By that, we mean commercial photographers will have professional grade equipment on their own, but there are plenty of shots that require specialised equipment. If the photographer in question does not often take those kinds of shots, then they are unlikely to be in possession of the necessary equipment. Counter to that, a photographer that is part of an agency will generally have access to equipment owned by the agency which any of the photographers may check out and use for commissioned work. However, this simply goes back to understanding what the purpose of your commercial photographs is and what your brief entails.


Though we have discussed this topic in passing plenty already, it is important to understand that specialisation can often be an unnecessary burden on the project. Granted, there are some styles of photography which are inherently more difficult and for which you should likely look for a specialist. Action photography is a good example of this because the actual settings on the equipment may need to rapidly change to keep up with the changes in the action of the scene itself.

Of course, it is always nice to use a specialised commercial photographer whenever possible as this is more likely to provide you with the best quality content. That said, specialists will rightfully want to charge more for their services than someone who is merely proficient. While we stressed not getting too bogged down in the finances if you can avoid it, neither should you simply throw money at a problem in hopes of a solution.

If you need some landscape shots of a local landmark, you probably do not need to hire a landscape specialist. Most photographers begin their training shooting landscapes and still life giving them a firm foundation in the basic principles of their craft. Due to this natural skill progression, rarely do you need to extend the additional expense for a landscape specialist unless you are also trying to capture a particular atmospheric effect as well. The point remains that most photography does not require specialisation to produce solid shots, but you should be willing to pay for those which do.


This aspect is often overlooked by non-creatives since it does not have a dramatic or interesting presentation. The iconic image of a photographer standing behind the lens, their equipment set up against a blank backdrop, sticks in our memories. Few people assign the same kind of romantic drama to someone stuck behind a computer for four to six hours making hundreds, if not thousands, of minor adjustments to the image to get the final impression just right.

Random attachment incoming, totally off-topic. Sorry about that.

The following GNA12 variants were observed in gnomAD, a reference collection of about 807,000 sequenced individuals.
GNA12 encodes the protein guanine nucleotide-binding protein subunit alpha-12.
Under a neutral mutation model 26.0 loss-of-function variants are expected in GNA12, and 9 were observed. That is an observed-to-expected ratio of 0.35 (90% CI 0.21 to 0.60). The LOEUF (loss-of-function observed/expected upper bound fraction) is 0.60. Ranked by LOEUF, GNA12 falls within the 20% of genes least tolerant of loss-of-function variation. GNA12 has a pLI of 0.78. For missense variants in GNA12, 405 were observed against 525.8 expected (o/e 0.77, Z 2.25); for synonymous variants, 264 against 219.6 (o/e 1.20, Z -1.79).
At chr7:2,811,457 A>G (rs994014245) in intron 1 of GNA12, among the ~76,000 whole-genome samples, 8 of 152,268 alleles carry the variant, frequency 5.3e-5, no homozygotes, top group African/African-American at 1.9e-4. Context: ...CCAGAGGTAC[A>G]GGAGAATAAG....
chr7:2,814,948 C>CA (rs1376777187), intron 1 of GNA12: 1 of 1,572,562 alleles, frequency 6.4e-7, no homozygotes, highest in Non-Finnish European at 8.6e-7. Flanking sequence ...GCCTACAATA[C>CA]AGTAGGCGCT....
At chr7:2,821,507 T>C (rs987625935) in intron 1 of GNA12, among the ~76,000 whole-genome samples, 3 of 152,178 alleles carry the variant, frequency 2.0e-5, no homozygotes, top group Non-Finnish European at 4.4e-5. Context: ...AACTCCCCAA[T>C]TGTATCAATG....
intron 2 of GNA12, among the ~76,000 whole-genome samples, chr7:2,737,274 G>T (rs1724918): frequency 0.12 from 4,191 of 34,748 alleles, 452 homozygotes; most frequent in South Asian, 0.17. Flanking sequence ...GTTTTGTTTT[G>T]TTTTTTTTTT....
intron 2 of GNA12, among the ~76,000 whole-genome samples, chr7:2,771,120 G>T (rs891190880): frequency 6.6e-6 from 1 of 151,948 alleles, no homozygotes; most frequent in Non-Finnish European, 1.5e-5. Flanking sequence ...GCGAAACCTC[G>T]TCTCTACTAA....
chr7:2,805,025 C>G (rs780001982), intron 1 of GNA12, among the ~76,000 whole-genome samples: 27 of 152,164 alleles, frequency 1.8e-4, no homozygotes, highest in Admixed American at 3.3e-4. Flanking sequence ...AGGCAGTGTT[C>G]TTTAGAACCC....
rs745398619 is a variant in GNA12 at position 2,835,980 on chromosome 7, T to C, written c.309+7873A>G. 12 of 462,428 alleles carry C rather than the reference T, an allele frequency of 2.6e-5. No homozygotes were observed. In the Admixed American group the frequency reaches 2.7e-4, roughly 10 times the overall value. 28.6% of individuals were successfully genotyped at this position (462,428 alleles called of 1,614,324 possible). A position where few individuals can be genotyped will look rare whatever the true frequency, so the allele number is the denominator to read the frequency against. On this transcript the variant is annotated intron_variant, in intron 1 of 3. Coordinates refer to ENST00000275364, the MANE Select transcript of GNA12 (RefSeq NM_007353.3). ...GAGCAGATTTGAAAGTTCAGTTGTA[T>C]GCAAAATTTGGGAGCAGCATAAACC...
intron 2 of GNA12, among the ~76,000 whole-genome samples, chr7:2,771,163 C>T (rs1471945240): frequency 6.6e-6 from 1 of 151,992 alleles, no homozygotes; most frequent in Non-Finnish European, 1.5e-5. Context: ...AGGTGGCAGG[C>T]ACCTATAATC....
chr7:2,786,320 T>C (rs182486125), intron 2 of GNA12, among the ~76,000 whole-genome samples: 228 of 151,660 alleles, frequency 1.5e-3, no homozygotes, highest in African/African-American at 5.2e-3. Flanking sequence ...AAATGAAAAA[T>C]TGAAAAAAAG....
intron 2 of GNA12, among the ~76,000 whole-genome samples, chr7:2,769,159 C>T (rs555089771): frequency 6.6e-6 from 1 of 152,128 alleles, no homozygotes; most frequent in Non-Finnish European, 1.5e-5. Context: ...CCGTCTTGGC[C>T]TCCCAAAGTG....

It is important to consider that pretty much all professional photographers have proficient experience with post-production image editing, but that does not mean that all professional photographers are masters at this particular craft. This may seem a bit counterintuitive, but the way that an image is displayed on a screen through either LEDs or crystal displays will differ from the way the content looks in real life.

As such, there is a possibility that your photography budget may need to include a separate editor for post-production, someone who is specialised in translating the composition of the film to a digital format. This process extends well beyond the simple measures of airbrushing models to remove unsightly blemishes and smooth texture. In fact, one of the biggest discrepancies between image content in a digital format and one either on paper or film is colour.

These are the kinds of nuances of which your commercial photographer needs to be aware, and if not, then you need another member on the team who is aware of these differences. On the other hand, there are numerous post-production tricks which can actually alter the image to make it less realistic. For instance, changing the depth of focus on a shot to sharpen the subject of the image might make the content less “realistic” but more powerful in its emotive impact and its ability to capture your audience’s attention.


As we can see, initiating and navigating a working relationship with a commercial photographer is not to be taken lightly. More than the actual photographer, the selection process entails an introspective understanding of the project and its goal. This will ultimately inform the rest of the process from choosing the creative professional or team as well as how to direct them. Remember, most commercial photographers are rational professionals just like the rest of us but their jobs often straddle a nebulous zone between autonomy and instruction. But with this article, you should be able to effectively navigate the hectic task of choosing and working with a commercial photographer.